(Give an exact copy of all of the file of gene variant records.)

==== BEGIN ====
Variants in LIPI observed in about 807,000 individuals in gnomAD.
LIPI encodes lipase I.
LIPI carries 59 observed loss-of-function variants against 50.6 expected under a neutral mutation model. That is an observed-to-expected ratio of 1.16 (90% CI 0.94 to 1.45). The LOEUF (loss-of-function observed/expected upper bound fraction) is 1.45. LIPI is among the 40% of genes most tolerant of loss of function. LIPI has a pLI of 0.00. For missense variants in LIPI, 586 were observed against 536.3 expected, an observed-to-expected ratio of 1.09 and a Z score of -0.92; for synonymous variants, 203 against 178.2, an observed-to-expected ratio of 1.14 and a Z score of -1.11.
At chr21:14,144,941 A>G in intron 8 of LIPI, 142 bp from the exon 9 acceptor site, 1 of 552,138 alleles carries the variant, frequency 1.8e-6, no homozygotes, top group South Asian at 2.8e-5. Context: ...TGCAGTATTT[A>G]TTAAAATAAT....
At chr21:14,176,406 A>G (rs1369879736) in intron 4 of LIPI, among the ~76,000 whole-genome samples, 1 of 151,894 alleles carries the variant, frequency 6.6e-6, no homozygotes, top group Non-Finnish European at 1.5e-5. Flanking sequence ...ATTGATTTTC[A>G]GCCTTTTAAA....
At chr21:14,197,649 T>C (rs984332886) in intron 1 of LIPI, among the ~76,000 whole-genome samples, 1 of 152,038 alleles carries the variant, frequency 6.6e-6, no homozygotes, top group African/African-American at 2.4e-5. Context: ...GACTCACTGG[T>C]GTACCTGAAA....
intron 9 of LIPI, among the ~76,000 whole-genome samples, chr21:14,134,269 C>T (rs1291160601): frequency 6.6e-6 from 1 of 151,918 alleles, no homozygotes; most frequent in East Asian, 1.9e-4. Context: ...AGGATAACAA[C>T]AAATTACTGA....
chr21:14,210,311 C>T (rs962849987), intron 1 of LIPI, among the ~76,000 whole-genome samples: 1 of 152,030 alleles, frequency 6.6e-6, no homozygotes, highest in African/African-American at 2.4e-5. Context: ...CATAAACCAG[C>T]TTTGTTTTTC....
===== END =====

Variants in LIPI observed in about 807,000 individuals in gnomAD.
LIPI encodes lipase I.
LIPI carries 59 observed loss-of-function variants against 50.6 expected under a neutral mutation model. That is an observed-to-expected ratio of 1.16 (90% CI 0.94 to 1.45). The LOEUF (loss-of-function observed/expected upper bound fraction) is 1.45. LIPI is among the 40% of genes most tolerant of loss of function. LIPI has a pLI of 0.00. For missense variants in LIPI, 586 were observed against 536.3 expected, an observed-to-expected ratio of 1.09 and a Z score of -0.92; for synonymous variants, 203 against 178.2, an observed-to-expected ratio of 1.14 and a Z score of -1.11.
At chr21:14,144,941 A>G in intron 8 of LIPI, 142 bp from the exon 9 acceptor site, 1 of 552,138 alleles carries the variant, frequency 1.8e-6, no homozygotes, top group South Asian at 2.8e-5. Context: ...TGCAGTATTT[A>G]TTAAAATAAT....
At chr21:14,176,406 A>G (rs1369879736) in intron 4 of LIPI, among the ~76,000 whole-genome samples, 1 of 151,894 alleles carries the variant, frequency 6.6e-6, no homozygotes, top group Non-Finnish European at 1.5e-5. Flanking sequence ...ATTGATTTTC[A>G]GCCTTTTAAA....
At chr21:14,197,649 T>C (rs984332886) in intron 1 of LIPI, among the ~76,000 whole-genome samples, 1 of 152,038 alleles carries the variant, frequency 6.6e-6, no homozygotes, top group African/African-American at 2.4e-5. Context: ...GACTCACTGG[T>C]GTACCTGAAA....
intron 9 of LIPI, among the ~76,000 whole-genome samples, chr21:14,134,269 C>T (rs1291160601): frequency 6.6e-6 from 1 of 151,918 alleles, no homozygotes; most frequent in East Asian, 1.9e-4. Context: ...AGGATAACAA[C>T]AAATTACTGA....
chr21:14,210,311 C>T (rs962849987), intron 1 of LIPI, among the ~76,000 whole-genome samples: 1 of 152,030 alleles, frequency 6.6e-6, no homozygotes, highest in African/African-American at 2.4e-5. Context: ...CATAAACCAG[C>T]TTTGTTTTTC....